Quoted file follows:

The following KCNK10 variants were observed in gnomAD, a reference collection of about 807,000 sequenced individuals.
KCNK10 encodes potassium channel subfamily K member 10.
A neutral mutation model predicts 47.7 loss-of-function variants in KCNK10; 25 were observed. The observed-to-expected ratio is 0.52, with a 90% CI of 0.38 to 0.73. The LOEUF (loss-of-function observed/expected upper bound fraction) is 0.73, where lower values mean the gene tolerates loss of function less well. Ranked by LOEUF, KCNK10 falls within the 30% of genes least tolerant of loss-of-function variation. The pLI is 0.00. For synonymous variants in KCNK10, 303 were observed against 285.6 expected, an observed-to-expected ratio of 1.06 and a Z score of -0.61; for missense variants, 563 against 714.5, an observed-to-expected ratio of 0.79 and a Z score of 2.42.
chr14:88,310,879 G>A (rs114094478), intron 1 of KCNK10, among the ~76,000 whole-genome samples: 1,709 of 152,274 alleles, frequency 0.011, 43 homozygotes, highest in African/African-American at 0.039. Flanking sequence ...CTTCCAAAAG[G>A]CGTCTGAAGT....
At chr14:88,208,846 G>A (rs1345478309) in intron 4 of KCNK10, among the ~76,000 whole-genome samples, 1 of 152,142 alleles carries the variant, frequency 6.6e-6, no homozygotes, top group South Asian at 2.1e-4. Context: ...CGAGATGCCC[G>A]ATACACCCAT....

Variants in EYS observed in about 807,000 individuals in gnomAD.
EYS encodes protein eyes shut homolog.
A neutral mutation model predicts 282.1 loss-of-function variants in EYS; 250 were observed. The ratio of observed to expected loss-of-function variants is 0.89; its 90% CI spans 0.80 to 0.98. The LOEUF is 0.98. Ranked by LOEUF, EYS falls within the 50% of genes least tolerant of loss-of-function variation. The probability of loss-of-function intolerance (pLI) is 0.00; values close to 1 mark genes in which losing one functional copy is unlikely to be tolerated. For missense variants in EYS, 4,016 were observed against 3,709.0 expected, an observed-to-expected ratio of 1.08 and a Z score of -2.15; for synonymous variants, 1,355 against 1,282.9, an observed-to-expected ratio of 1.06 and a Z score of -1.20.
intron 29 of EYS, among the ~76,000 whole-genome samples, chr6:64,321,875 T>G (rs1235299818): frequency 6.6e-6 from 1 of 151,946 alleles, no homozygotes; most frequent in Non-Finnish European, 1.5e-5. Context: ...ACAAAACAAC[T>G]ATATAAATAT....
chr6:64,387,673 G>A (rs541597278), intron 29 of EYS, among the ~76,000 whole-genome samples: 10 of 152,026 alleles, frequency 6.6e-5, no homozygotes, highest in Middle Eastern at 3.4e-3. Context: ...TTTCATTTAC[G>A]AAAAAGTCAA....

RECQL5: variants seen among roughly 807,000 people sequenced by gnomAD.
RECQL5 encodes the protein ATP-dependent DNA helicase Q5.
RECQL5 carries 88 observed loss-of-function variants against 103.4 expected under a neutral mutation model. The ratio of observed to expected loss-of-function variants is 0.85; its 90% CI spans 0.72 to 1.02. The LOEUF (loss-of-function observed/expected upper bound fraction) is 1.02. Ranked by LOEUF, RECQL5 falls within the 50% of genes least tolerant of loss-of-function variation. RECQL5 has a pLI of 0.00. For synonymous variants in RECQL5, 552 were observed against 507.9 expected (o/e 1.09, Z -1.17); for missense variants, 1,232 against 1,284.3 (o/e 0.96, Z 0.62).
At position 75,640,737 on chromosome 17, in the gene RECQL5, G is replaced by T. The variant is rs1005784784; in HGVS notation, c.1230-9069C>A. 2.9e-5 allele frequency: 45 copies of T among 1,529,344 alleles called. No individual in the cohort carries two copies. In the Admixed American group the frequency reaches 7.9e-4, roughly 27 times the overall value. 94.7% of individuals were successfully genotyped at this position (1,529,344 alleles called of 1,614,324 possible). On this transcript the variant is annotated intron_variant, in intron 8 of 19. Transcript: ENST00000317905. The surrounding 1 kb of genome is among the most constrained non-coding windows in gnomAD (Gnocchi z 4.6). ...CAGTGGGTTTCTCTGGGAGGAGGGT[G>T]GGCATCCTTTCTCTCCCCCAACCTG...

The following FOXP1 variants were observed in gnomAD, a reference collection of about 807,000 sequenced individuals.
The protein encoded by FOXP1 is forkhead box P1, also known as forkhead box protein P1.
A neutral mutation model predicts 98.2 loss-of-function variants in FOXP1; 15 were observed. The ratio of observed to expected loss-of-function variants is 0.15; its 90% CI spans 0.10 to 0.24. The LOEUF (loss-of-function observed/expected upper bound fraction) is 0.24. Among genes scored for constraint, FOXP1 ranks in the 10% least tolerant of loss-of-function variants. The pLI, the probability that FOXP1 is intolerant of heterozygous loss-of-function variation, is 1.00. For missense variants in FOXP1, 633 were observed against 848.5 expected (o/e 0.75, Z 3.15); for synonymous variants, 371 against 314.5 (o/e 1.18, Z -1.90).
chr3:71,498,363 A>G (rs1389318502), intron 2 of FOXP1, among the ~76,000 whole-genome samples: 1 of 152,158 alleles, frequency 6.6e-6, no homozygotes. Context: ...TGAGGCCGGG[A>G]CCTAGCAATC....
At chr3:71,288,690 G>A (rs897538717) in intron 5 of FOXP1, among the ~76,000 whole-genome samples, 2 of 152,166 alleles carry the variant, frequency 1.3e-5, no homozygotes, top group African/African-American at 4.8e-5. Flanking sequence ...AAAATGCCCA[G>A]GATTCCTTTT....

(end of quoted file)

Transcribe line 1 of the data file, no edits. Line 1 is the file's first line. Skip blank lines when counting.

The following KCNK10 variants were observed in gnomAD, a reference collection of about 807,000 sequenced individuals.